International career

Abbiati received his first call-up for Italy as the third goalkeeper for UEFA Euro 2000, after Gianluigi Buffon withdrew from the squad through injury, and was part of the squad that participated in the 2000 Summer Olympics. However, he did not earn his first cap until a 2–1 victory over Switzerland on 30 April 2003. Abbiati was left off the 2006 FIFA World Cup roster but was recalled to the national team in September 2006. In March 2009, three days before his season-ending knee injury, he said that he would refuse a future call-up for Italy in a non-starting role. In total, he made four appearances for Italy.

After retirement

In June 2017, it was announced in a statement published on Milan's official website that Abbiati would be joining the club once again as a club manager, acting as a liaison between the team and the club.

Style of play

In his prime, Abbiati was a physically strong, reliable and reactive keeper. Throughout his career, he stood out for his longevity, work-rate, leadership and composure in goal, as well as his ability to rush off of his line or come out to claim crosses, despite initially being somewhat indecisive in this area in his youth. Although his performances became more inconsistent during the later years of his career, he was initially regarded as one of the most talented young Italian goalkeepers of his generation since his emergence with Milan in Serie A during the late 1990s, and he subsequently cemented himself as one of the best Italian goalkeepers of his generation, as well as one of the best shot-stoppers in Serie A.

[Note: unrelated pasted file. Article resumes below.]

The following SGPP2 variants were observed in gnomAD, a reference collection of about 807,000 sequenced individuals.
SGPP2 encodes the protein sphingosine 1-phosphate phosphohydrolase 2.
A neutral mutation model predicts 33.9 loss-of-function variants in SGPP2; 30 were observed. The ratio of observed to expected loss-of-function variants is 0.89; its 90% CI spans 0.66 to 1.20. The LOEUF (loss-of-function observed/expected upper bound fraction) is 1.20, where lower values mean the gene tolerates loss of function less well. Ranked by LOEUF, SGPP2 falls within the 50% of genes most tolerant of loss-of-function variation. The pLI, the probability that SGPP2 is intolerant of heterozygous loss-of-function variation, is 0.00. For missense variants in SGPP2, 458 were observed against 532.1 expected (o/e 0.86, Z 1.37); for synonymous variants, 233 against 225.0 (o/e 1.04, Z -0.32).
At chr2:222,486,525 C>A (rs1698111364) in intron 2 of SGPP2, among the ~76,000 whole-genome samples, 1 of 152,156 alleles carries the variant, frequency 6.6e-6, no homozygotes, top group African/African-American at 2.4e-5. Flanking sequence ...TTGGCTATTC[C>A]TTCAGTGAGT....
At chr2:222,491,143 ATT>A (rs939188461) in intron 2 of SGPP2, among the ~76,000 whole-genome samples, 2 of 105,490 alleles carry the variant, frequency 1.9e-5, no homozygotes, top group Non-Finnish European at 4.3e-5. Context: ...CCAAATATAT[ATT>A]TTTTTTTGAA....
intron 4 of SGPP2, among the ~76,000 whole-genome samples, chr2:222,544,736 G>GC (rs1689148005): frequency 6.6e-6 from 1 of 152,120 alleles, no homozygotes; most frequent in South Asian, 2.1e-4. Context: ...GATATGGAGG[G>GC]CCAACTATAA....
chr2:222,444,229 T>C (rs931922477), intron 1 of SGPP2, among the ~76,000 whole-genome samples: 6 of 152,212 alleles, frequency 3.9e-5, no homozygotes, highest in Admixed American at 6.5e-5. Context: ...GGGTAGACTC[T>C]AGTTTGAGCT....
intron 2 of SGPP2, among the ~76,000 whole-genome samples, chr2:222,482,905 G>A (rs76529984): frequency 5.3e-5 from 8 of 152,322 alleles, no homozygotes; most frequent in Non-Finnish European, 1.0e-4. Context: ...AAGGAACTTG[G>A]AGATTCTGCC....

Political views

In September 2008, Abbiati sparked controversy and criticism from the Italian media when he declared he was a fascist during an interview with Italian sports magazine Sportweek. He later stated he rejected the fascist racial laws and aggressive foreign policies, but declared he was "not ashamed to proclaim" his far-right ideology. "I share [the] ideals of fascism, such as the fatherland and the values of the Catholic religion."

Personal life

Abbiati is married to an Italian woman, Stefania Abbiati. Their daughter, Giulia, was born on 30 January 2000.

Career statistics


Club statistics
Club Season League Cup Continental Other Total
Division Apps Goals Apps Goals Apps Goals Apps Goals Apps Goals
Monza 1994–95 Serie C1 1 0 0 0 1 0
1996–97 25 0 0 0 25 0
1997–98 Serie B 26 0 2 0 28 0
Total 52 0 2 0 54 0
Borgosesia (loan) 1995–96 C.N.D. 29 0 0 0 29 0
Total 29 0 0 0 29 0
AC Milan 1998–99 Serie A 18 0 0 0 0 0 18 0
1999–2000 29 0 0 0 6 0 0 0 35 0
2000–01 21 0 4 0 7 0 32 0
2001–02 34 0 1 0 11 0 46 0
2002–03 3 0 8 0 6 0 0 0 17 0
2003–04 2 0 4 0 1 0 1 0 8 0
2004–05 3 0 4 0 1 0 8 0
2008–09 28 0 0 0 0 0 28 0
2009–10 9 0 1 0 1 0 11 0
2010–11 35 0 1 0 6 0 42 0
2011–12 31 0 0 0 9 0 1 0 41 0
2012–13 28 0 1 0 7 0 36 0
2013–14 28 0 2 0 9 0 39 0
2014–15 11 0 2 0 13 0
2015–16 1 0 5 0 6 0
Total 281 0 33 0 64 0 2 0 380 0
Juventus (loan) 2005–06 Serie A 19 0 2 0 6 0 27 0
Total 19 0 2 0 6 0 27 0
Torino (loan) 2006–07 Serie A 36 0 2 0 38 0
Total 36 0 2 0 38 0
Atlético Madrid (loan) 2007–08 La Liga 21 0 0 0 9 0 30 0
Total 21 0 0 0 9 0 30 0
Career total 438 0 41 0 79 0 2 0 560 0


Year Apps Goals
2003 2 0
2005 2 0
Total 4 0



AC Milan




  • AC Milan Hall of Fame


Cavaliere OMRI BAR.svg
5th Class / Knight: Cavaliere Ordine al Merito della Repubblica Italiana: 2000

See also